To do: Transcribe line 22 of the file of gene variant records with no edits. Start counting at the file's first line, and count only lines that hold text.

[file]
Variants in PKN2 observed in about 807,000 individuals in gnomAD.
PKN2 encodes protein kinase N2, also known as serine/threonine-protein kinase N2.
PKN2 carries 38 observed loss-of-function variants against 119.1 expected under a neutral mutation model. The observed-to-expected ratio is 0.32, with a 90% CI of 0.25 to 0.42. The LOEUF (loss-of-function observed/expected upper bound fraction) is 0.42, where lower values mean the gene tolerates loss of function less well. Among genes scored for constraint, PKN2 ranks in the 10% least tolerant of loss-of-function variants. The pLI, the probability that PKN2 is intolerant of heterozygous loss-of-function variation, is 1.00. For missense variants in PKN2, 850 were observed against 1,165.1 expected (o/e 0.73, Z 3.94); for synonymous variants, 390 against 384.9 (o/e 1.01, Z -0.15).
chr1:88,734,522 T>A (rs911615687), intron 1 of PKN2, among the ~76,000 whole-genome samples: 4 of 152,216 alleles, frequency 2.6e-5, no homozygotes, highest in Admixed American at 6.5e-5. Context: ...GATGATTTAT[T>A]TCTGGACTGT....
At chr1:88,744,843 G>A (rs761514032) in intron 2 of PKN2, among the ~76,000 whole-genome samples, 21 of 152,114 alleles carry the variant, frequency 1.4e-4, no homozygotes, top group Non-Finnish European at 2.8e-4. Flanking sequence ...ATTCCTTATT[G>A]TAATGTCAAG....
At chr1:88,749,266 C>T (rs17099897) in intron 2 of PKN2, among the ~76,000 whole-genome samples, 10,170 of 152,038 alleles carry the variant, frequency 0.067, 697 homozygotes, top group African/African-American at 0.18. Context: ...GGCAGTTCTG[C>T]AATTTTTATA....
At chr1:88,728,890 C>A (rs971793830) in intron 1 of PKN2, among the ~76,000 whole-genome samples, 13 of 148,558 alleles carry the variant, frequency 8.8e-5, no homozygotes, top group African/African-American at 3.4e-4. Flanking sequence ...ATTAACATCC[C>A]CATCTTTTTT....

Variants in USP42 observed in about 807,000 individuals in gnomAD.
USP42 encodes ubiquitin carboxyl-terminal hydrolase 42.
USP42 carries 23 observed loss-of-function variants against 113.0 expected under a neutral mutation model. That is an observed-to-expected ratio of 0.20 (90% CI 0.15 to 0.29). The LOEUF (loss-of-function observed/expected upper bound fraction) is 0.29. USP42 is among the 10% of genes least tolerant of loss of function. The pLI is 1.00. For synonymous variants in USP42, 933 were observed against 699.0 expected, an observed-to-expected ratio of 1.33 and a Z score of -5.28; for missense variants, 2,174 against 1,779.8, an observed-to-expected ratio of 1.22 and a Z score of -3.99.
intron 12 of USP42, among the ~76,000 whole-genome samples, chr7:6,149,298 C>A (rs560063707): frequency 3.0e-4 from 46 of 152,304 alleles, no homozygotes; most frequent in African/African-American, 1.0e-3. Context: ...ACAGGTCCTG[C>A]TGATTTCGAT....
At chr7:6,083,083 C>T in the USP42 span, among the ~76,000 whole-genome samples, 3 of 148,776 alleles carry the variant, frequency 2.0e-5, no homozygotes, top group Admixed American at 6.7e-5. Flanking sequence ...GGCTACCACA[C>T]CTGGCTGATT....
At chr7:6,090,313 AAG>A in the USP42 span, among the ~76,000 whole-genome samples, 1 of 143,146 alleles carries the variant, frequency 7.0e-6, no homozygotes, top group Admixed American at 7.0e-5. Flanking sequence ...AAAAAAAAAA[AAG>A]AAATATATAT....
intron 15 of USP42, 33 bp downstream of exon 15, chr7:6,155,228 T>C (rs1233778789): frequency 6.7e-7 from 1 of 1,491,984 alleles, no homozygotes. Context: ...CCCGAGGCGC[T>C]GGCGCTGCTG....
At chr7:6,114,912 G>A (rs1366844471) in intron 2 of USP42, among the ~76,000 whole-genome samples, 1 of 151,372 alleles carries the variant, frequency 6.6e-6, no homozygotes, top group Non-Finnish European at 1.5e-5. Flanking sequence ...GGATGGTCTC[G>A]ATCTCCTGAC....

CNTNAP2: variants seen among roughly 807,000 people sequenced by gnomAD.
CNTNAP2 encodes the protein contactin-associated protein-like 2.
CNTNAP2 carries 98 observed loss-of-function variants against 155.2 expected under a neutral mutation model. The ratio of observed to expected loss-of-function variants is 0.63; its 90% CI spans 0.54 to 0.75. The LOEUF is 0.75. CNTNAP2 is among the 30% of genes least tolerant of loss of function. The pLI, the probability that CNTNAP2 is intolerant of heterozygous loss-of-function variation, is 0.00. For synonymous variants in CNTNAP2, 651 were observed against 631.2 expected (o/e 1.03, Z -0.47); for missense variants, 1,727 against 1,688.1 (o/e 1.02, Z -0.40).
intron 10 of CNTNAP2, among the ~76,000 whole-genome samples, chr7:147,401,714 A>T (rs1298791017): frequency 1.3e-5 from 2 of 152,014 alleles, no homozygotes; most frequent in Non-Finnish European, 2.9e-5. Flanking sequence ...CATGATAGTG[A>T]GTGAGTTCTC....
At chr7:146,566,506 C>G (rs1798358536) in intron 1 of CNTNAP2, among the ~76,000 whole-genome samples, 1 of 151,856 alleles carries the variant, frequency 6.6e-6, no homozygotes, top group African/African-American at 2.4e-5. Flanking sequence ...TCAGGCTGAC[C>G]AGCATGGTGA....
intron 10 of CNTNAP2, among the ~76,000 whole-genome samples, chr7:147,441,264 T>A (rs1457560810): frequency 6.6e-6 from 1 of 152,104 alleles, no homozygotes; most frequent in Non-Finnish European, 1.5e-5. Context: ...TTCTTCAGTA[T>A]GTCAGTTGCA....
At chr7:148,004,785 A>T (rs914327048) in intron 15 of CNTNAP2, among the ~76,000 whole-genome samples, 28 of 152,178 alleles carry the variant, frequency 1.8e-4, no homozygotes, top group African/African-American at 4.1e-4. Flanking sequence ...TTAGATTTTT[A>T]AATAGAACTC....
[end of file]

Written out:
At chr7:148,004,785 A>T (rs914327048) in intron 15 of CNTNAP2, among the ~76,000 whole-genome samples, 28 of 152,178 alleles carry the variant, frequency 1.8e-4, no homozygotes, top group African/African-American at 4.1e-4. Flanking sequence ...TTAGATTTTT[A>T]AATAGAACTC....